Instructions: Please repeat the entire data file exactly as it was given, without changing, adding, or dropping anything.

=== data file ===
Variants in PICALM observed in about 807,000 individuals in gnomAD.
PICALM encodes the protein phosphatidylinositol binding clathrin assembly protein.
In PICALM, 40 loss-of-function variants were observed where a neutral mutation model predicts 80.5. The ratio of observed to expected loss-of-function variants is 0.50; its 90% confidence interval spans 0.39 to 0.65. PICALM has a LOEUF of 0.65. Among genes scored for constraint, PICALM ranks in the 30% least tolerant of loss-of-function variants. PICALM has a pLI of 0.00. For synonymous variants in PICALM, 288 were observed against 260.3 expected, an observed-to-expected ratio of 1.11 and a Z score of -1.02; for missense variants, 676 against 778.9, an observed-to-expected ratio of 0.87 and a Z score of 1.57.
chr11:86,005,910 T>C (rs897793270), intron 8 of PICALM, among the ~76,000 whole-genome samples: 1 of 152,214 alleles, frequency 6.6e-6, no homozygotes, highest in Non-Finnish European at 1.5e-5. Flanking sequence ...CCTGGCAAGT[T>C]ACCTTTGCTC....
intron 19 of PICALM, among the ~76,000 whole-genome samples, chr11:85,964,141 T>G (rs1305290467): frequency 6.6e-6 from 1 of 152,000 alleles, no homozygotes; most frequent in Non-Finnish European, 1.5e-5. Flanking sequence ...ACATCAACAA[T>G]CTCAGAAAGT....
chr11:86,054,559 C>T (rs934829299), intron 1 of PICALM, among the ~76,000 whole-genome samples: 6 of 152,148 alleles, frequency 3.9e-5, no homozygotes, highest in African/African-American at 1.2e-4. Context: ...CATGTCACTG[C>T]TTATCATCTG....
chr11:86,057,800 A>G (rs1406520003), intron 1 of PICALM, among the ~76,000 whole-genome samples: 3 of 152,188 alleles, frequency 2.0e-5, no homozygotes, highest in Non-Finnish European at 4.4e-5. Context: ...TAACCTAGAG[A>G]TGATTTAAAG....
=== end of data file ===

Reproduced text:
Variants in PICALM observed in about 807,000 individuals in gnomAD.
PICALM encodes the protein phosphatidylinositol binding clathrin assembly protein.
In PICALM, 40 loss-of-function variants were observed where a neutral mutation model predicts 80.5. The ratio of observed to expected loss-of-function variants is 0.50; its 90% confidence interval spans 0.39 to 0.65. PICALM has a LOEUF of 0.65. Among genes scored for constraint, PICALM ranks in the 30% least tolerant of loss-of-function variants. PICALM has a pLI of 0.00. For synonymous variants in PICALM, 288 were observed against 260.3 expected, an observed-to-expected ratio of 1.11 and a Z score of -1.02; for missense variants, 676 against 778.9, an observed-to-expected ratio of 0.87 and a Z score of 1.57.
chr11:86,005,910 T>C (rs897793270), intron 8 of PICALM, among the ~76,000 whole-genome samples: 1 of 152,214 alleles, frequency 6.6e-6, no homozygotes, highest in Non-Finnish European at 1.5e-5. Flanking sequence ...CCTGGCAAGT[T>C]ACCTTTGCTC....
intron 19 of PICALM, among the ~76,000 whole-genome samples, chr11:85,964,141 T>G (rs1305290467): frequency 6.6e-6 from 1 of 152,000 alleles, no homozygotes; most frequent in Non-Finnish European, 1.5e-5. Flanking sequence ...ACATCAACAA[T>G]CTCAGAAAGT....
chr11:86,054,559 C>T (rs934829299), intron 1 of PICALM, among the ~76,000 whole-genome samples: 6 of 152,148 alleles, frequency 3.9e-5, no homozygotes, highest in African/African-American at 1.2e-4. Context: ...CATGTCACTG[C>T]TTATCATCTG....
chr11:86,057,800 A>G (rs1406520003), intron 1 of PICALM, among the ~76,000 whole-genome samples: 3 of 152,188 alleles, frequency 2.0e-5, no homozygotes, highest in Non-Finnish European at 4.4e-5. Context: ...TAACCTAGAG[A>G]TGATTTAAAG....